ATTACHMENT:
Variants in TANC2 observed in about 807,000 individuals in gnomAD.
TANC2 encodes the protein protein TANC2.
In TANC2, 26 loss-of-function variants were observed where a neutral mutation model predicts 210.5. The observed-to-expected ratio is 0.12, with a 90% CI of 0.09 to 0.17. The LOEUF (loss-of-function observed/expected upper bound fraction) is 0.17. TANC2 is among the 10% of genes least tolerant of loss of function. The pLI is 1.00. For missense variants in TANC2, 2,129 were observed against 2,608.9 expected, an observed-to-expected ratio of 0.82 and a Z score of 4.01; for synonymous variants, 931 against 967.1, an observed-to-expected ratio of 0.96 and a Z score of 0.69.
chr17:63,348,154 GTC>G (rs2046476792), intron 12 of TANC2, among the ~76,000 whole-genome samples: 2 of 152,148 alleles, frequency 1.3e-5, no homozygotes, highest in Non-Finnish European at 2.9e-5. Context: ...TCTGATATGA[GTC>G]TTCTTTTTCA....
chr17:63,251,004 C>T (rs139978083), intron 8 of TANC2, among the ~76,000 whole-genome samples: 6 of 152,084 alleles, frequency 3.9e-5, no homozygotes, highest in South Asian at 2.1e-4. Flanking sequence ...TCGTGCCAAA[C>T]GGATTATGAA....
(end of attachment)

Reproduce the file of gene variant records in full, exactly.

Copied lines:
Variants in TANC2 observed in about 807,000 individuals in gnomAD.
TANC2 encodes the protein protein TANC2.
In TANC2, 26 loss-of-function variants were observed where a neutral mutation model predicts 210.5. The observed-to-expected ratio is 0.12, with a 90% CI of 0.09 to 0.17. The LOEUF (loss-of-function observed/expected upper bound fraction) is 0.17. TANC2 is among the 10% of genes least tolerant of loss of function. The pLI is 1.00. For missense variants in TANC2, 2,129 were observed against 2,608.9 expected, an observed-to-expected ratio of 0.82 and a Z score of 4.01; for synonymous variants, 931 against 967.1, an observed-to-expected ratio of 0.96 and a Z score of 0.69.
chr17:63,348,154 GTC>G (rs2046476792), intron 12 of TANC2, among the ~76,000 whole-genome samples: 2 of 152,148 alleles, frequency 1.3e-5, no homozygotes, highest in Non-Finnish European at 2.9e-5. Context: ...TCTGATATGA[GTC>G]TTCTTTTTCA....
chr17:63,251,004 C>T (rs139978083), intron 8 of TANC2, among the ~76,000 whole-genome samples: 6 of 152,084 alleles, frequency 3.9e-5, no homozygotes, highest in South Asian at 2.1e-4. Flanking sequence ...TCGTGCCAAA[C>T]GGATTATGAA....